Traditional meditation is not easy for me. With my chronic pain, quieting my body and mind in that way simply means that I’m then going to lie there and focus on how much pain my body is in. I’ve found what works better for me is to get outside. Sitting out on my back porch, just watching the birds and other wildlife back there allows me to get out of my head without then becoming hyper-focused on my physical pain.
I find that as I just sit there and watch what’s happening in the backyard, my mind begins to wander. It feels like it opens up and I’m in a better place to work through and let go of any problems. I’m also in a better place to receive anything God wants me to hear. If the weather is bad, sometimes just sitting with some instrumental music playing, listening to an inspirational podcast, or reading a few Bible passages gives my brain the focus it needs to go in the right direction.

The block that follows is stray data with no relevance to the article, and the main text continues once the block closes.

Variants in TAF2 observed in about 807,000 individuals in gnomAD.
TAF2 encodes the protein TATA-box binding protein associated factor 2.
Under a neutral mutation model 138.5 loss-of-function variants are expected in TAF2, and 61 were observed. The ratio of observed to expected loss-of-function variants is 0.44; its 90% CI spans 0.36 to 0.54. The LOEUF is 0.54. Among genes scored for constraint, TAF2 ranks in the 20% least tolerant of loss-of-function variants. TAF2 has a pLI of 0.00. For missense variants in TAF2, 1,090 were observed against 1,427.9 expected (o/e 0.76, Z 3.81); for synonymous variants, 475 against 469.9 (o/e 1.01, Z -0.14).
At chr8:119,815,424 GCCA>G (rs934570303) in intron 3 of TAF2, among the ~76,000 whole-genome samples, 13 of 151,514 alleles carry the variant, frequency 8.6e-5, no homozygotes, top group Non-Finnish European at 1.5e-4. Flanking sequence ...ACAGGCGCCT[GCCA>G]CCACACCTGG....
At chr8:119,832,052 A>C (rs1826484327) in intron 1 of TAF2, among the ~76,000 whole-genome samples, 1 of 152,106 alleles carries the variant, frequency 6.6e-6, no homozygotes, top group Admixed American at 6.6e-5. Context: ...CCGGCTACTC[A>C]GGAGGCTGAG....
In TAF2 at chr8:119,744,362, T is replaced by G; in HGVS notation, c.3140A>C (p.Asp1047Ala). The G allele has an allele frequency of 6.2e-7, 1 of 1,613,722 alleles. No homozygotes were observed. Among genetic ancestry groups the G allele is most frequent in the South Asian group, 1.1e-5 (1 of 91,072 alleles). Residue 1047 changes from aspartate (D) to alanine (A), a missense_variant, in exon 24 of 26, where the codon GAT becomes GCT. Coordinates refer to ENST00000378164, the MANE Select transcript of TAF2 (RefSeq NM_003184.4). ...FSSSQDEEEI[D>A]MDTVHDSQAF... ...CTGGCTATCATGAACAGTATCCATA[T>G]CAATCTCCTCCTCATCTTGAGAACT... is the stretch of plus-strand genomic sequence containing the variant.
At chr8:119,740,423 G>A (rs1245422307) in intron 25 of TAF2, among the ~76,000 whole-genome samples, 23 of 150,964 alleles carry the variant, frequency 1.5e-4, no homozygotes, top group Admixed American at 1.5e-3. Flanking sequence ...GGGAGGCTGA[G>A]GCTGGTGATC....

2. Daily prayer.
I have quite a few friends who are going through a LOT right now. I want to be sure to pray for them and their needs as well as for my family every day. But it can be really easy to say, I’ll pray for you and then not really follow through. I do firmly believe that just the act of saying “I’ll pray for you” is a prayer in itself but I also like to devote more time to specific needs.
I always start with what I refer to as the “stop, drop, and roll” method of praying. The moment that I am made aware of a prayer need/request, I stop what I’m doing, even just for 30 seconds, and I say a quick prayer asking God to hold that person close. I also jot down their name, perhaps with a little note beside it about the prayer need, in a designated notebook.